It’s sometimes difficult to spice up a blog on a rather mundane topic, such as the EEOC. However, based on recent headline stories, the topic of EEOC is anything but mundane. Below are some interesting statistics that pertain to two laws enforced by the EEOC.
Pregnancy Discrimination Act (PDA)
I thought all employers would be fully aware that it is illegal to discriminate against women because of pregnancy, childbirth, or a medical condition related to pregnancy or childbirth, duly titled “The Pregnancy Discrimination Act”. Apparently not. The Washington Post recently reported that “nationwide in fiscal 2011, women filed 5,797 complaints with the EEOC alleging pregnancy discrimination at work or in hiring, a 23% increase from fiscal 2005.”
Unfortunately, it doesn’t stop there either. After the baby is born, discrimination continues in the form of the “motherhood wage penalty” of up to 5% per child.
So what can be done? The EEOC is stepping up their enforcement efforts, which could help raise awareness, along with increased guidance to employers as to how to comply.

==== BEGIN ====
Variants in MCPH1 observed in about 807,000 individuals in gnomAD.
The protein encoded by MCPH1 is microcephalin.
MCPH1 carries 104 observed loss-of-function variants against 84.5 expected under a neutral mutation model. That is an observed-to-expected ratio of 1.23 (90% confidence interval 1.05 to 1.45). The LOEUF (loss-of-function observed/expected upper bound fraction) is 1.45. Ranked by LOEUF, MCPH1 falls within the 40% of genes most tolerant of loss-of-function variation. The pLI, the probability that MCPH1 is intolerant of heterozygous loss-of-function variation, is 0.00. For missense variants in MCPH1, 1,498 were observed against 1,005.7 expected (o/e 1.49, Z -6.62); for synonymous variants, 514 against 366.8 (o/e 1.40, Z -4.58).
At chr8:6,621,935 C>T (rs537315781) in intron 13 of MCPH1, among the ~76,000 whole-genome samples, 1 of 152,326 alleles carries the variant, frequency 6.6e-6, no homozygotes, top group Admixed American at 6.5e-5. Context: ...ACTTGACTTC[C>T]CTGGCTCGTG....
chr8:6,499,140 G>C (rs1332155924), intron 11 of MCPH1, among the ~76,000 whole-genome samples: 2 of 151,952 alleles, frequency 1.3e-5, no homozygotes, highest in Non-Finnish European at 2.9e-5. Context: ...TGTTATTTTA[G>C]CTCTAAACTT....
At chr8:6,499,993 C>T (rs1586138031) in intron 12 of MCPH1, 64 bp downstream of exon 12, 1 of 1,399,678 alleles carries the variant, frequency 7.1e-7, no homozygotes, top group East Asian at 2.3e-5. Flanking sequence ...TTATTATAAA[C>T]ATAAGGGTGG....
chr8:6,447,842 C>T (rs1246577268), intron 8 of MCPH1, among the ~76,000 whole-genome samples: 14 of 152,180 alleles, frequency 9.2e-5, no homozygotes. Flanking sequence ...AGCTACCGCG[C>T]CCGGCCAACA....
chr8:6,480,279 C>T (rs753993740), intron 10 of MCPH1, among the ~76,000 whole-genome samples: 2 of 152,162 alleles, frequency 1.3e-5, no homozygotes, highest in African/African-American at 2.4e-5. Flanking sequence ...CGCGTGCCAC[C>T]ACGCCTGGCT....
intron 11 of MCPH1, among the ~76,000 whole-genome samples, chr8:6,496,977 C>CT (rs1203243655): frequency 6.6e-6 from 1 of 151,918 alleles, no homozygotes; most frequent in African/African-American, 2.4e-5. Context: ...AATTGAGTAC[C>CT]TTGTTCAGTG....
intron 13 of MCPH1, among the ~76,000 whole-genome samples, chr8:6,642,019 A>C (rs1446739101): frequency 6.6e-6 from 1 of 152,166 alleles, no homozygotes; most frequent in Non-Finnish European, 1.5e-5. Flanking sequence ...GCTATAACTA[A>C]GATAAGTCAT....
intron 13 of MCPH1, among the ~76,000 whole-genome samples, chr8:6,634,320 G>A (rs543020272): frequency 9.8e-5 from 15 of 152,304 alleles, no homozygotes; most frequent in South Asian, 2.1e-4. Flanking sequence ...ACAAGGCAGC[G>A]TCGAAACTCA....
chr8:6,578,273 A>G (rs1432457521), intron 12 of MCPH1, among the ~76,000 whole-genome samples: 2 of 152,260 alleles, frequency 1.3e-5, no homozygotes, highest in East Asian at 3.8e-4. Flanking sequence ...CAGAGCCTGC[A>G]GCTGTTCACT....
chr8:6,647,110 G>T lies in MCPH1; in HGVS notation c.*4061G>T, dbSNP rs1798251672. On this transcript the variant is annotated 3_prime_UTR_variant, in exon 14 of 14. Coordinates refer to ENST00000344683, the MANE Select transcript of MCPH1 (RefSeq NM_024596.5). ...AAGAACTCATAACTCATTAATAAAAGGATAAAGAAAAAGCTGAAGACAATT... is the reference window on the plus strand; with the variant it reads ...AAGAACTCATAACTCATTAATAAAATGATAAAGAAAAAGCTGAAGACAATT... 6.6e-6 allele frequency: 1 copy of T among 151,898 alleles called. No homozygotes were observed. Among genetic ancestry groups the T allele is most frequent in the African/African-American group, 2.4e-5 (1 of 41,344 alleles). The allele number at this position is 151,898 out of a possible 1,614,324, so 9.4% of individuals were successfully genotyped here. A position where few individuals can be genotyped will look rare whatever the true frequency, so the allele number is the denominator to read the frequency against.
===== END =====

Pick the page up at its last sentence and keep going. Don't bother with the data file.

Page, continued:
Age Discrimination in Employment Act (ADEA)
The ADEA, in simple terms, prohibits employers from making employment decisions based on an employee’s age. “Employment decisions” cover a variety of areas inlucindg compensation, terms, conditions, or privileges of employment. The ADEA forbids age discrimination against people who are age 40 or older.
I have been reading a lot of news stories highlighting the difficulties “older” workers are having in securing a full-time job. Even the AARP has a guide titled “Age Discrimination: What Employers Need to Know”. The guide seeks to inform employers that older workers are valuable resources to an organization. In response to the statistics below, we are seeing more publications and articles referring to the benefits of “baby boomers” in the workplace. Compare the statistics from 2001 to 2011 below:
|FY 2001||FY 2011|
|Monetary Benefits (Millions)||$53.7||$95.2|
By creating awareness of these issues regarding the PDA and ADEA, employers should step back and re-evaluate their processes. Oftentimes, previous experiences have shaped our perceptions which have unintentionally influenced decisions. We must work together to change that mindset and avoid further discrimination. After all, we are in the 21st century; we are too smart to still be dealing with issues that are decades old.